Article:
Well, I guess I’m late to this one, but anyway, in case you didn’t see it:
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Plus five points for GadgetTrak House.
“@umi: did you leave a pentax camera on one of the benches outside 18th street in potrero? tell us the model & lens, we’re holding it…”
I don’t know if he does it anymore, but around town there’s a celebrity photographer who would take full-length portraits of party guests using his full-frame Canon DSLR (MSRP = $8000) and a super wide-angle lens.
It was grisly – you’d end up seeing people with big heads and tiny legs. Kind of like this.
That’s what you might call a bird’s eye view of Bernie Ecclestone’s shoes:
Next stop: Animals Close Up, With A Wide Angled Lens
Now, I don’t think that you could ban DSLR use in San Francisco. There’d be a rebellion or something.
Cause if something happens, it didn’t happen unless it was recorded somehow – that’s how we look at it.
Our Folsom Street Fair 2009 was a great day for walkies with the slave, past the guy with the Nikon, past the guy with the Canon, past the Leather Etc…(!) store…:
Just be on the look-out for this guy. I think he’s up to something:
You’ll have to figure out for yourself just exactly where in Marin County this nude beach is, in this mostly-SFW photo from a while ago. The place was officially closed at the time due to an unsafe stairway and it’s more-than-likely officially closed at this time.
But actually, your nudist types like out-of-the-way places anyway, the kind that require long descents from the nearest road.
The nude types were to the east of the stairway and the never-nudes were to the west - it all worked out. All the while, a couple of fun fearless females felt free to parade up and down the whole beach by the low tide line, on the catwalk, they did their little turn on the catwalk, yeah on the catwalk, on the catwalk, yeah, they did a little turn on the catwalk for about half-hour:
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By the way, is there a special law that disallows photography on Public Nude Beaches? Not that I’m aware of.
Not exactly sure what kind of photography rig this fellow was using in Civic Center the other day. It could be something as simple as two SLR cameras in a box, or maybe it has something to do with video or 3D.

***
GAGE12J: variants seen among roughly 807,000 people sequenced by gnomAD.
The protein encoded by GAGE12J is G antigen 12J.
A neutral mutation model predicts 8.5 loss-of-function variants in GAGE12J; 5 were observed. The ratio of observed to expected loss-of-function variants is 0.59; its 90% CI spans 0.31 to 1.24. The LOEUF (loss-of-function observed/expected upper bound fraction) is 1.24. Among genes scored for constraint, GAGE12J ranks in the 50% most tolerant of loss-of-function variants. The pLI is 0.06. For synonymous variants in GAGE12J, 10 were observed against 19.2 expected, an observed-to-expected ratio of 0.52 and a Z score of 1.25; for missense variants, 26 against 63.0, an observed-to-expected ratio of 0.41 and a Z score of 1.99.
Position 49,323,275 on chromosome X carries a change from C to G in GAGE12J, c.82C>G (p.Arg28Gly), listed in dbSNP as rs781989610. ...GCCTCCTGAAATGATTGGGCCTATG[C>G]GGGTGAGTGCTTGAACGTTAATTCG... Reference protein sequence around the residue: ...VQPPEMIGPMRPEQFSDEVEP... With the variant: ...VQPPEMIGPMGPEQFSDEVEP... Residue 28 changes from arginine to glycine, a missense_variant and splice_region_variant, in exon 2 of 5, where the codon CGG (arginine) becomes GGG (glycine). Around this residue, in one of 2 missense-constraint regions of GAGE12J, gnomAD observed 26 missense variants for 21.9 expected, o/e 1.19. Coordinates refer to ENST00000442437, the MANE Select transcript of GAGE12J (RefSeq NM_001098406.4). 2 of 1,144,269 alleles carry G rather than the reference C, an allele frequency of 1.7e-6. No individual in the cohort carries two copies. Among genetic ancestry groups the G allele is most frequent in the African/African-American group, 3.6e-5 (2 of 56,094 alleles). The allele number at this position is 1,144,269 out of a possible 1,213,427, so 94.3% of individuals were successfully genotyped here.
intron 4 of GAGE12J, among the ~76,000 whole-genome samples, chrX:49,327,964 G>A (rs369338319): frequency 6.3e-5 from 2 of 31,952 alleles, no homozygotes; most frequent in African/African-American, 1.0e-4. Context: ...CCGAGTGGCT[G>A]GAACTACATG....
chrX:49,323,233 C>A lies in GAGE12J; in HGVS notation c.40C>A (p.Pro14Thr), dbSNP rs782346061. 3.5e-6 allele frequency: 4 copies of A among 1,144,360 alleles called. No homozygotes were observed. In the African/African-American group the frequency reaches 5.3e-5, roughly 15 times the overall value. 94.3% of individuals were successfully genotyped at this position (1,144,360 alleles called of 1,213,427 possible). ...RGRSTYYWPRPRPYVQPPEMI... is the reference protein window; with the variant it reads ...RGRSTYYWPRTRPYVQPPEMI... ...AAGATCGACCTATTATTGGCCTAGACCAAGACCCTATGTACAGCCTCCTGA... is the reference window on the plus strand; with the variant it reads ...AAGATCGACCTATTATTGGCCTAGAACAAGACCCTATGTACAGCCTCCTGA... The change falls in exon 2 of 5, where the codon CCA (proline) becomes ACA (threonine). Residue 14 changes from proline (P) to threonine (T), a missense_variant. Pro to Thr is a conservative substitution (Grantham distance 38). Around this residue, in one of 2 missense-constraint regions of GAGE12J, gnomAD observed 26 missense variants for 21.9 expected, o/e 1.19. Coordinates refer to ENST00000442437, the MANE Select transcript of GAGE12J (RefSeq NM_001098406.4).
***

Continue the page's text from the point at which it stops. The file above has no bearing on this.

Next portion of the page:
(Perhaps he was scouting locations for the next Wes Anderson movie?)
Dude has quite a conversation piece, anyway.
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Hey do you have a Canon SLR camera made the past two decades or so? Sure, millions of others across the world do too. Well today is your lucky day – you can buy a 1200mm lens from New York’s B&H Foto and Electronics for just $120,000.
As soon as you get it, just click it onto your cam and start shooting.
SpookyVision enabled, click to expand
B&H doesn’t come right out and say it, but I think they’ve lost the tripod. Oh well.
“The Canon 1200/5.6L USM, the longest fixed telephoto lens ever built by Canon, contains 13 elements (2 Fluorite) in 10 groups and focus’ down to 49.5′. With an angle-of- view of about 2° on a full-frame 35 mm camera, calling this lens a ‘tele’ is like calling King Kong a monkey.
Built-to-order by Canon from 1993 to 2005, each lens was hand-crafted at the rate of about 2-per-year and a delivery time of about 18 months. Only a dozen-or-so were ever made. Who bought them? National Geographic magazine and Sports Illustrated are known to own a couple, the Feds probably have a few squirreled away somewhere, and a few well-heeled photo enthusiasts.
This particular lens is extremely clean inside and out. Included with this lens is a leather slip-on ‘lens cap’, the original fitted aluminum trunk case, a custom trunk case with wheels that holds the original trunk case, and a prodigious measure of ego satisfaction. Weighing in at over 36lbs and an overall length of 33 inches, a sturdy tripod and pan/tilt head is highly recommended.
Pack mule not included.”
Don’t delay, buy today.